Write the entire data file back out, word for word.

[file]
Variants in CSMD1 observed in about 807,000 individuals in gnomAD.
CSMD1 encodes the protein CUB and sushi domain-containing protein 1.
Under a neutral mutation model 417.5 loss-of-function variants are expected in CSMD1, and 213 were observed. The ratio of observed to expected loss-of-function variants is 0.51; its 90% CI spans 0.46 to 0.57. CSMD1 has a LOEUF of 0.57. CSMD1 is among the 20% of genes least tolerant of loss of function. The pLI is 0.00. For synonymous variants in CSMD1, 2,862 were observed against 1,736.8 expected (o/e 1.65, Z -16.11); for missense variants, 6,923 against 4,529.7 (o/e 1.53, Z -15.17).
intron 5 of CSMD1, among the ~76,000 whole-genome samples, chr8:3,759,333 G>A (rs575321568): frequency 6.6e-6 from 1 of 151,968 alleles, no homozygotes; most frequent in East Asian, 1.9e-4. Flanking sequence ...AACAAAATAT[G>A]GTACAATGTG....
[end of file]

Variants in CSMD1 observed in about 807,000 individuals in gnomAD.
CSMD1 encodes the protein CUB and sushi domain-containing protein 1.
Under a neutral mutation model 417.5 loss-of-function variants are expected in CSMD1, and 213 were observed. The ratio of observed to expected loss-of-function variants is 0.51; its 90% CI spans 0.46 to 0.57. CSMD1 has a LOEUF of 0.57. CSMD1 is among the 20% of genes least tolerant of loss of function. The pLI is 0.00. For synonymous variants in CSMD1, 2,862 were observed against 1,736.8 expected (o/e 1.65, Z -16.11); for missense variants, 6,923 against 4,529.7 (o/e 1.53, Z -15.17).
intron 5 of CSMD1, among the ~76,000 whole-genome samples, chr8:3,759,333 G>A (rs575321568): frequency 6.6e-6 from 1 of 151,968 alleles, no homozygotes; most frequent in East Asian, 1.9e-4. Flanking sequence ...AACAAAATAT[G>A]GTACAATGTG....